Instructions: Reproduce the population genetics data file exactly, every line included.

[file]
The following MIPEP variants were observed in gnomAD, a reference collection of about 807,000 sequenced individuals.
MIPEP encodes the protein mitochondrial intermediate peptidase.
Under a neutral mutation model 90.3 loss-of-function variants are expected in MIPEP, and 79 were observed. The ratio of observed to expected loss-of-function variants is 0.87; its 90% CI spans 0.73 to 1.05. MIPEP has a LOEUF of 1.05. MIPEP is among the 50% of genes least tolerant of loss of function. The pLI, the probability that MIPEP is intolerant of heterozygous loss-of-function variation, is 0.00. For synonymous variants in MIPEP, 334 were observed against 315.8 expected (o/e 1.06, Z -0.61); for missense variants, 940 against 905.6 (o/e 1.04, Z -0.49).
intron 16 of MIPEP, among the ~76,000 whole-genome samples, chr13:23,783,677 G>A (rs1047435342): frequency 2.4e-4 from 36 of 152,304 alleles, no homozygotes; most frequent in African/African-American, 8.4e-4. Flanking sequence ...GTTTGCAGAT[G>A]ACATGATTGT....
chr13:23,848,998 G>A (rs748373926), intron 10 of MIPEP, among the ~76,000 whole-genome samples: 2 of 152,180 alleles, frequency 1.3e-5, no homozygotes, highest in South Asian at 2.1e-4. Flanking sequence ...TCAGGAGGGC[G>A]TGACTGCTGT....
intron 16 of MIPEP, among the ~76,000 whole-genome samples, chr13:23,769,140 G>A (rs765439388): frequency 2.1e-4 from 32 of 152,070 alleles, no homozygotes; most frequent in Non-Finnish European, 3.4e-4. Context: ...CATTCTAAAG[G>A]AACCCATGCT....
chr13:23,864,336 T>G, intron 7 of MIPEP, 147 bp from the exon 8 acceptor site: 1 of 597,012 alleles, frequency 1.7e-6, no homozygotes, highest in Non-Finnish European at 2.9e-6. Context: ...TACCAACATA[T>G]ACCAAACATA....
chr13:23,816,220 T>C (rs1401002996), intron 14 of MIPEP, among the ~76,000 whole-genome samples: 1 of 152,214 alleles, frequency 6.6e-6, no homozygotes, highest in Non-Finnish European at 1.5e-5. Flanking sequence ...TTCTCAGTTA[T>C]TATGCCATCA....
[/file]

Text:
The following MIPEP variants were observed in gnomAD, a reference collection of about 807,000 sequenced individuals.
MIPEP encodes the protein mitochondrial intermediate peptidase.
Under a neutral mutation model 90.3 loss-of-function variants are expected in MIPEP, and 79 were observed. The ratio of observed to expected loss-of-function variants is 0.87; its 90% CI spans 0.73 to 1.05. MIPEP has a LOEUF of 1.05. MIPEP is among the 50% of genes least tolerant of loss of function. The pLI, the probability that MIPEP is intolerant of heterozygous loss-of-function variation, is 0.00. For synonymous variants in MIPEP, 334 were observed against 315.8 expected (o/e 1.06, Z -0.61); for missense variants, 940 against 905.6 (o/e 1.04, Z -0.49).
intron 16 of MIPEP, among the ~76,000 whole-genome samples, chr13:23,783,677 G>A (rs1047435342): frequency 2.4e-4 from 36 of 152,304 alleles, no homozygotes; most frequent in African/African-American, 8.4e-4. Flanking sequence ...GTTTGCAGAT[G>A]ACATGATTGT....
chr13:23,848,998 G>A (rs748373926), intron 10 of MIPEP, among the ~76,000 whole-genome samples: 2 of 152,180 alleles, frequency 1.3e-5, no homozygotes, highest in South Asian at 2.1e-4. Flanking sequence ...TCAGGAGGGC[G>A]TGACTGCTGT....
intron 16 of MIPEP, among the ~76,000 whole-genome samples, chr13:23,769,140 G>A (rs765439388): frequency 2.1e-4 from 32 of 152,070 alleles, no homozygotes; most frequent in Non-Finnish European, 3.4e-4. Context: ...CATTCTAAAG[G>A]AACCCATGCT....
chr13:23,864,336 T>G, intron 7 of MIPEP, 147 bp from the exon 8 acceptor site: 1 of 597,012 alleles, frequency 1.7e-6, no homozygotes, highest in Non-Finnish European at 2.9e-6. Context: ...TACCAACATA[T>G]ACCAAACATA....
chr13:23,816,220 T>C (rs1401002996), intron 14 of MIPEP, among the ~76,000 whole-genome samples: 1 of 152,214 alleles, frequency 6.6e-6, no homozygotes, highest in Non-Finnish European at 1.5e-5. Flanking sequence ...TTCTCAGTTA[T>C]TATGCCATCA....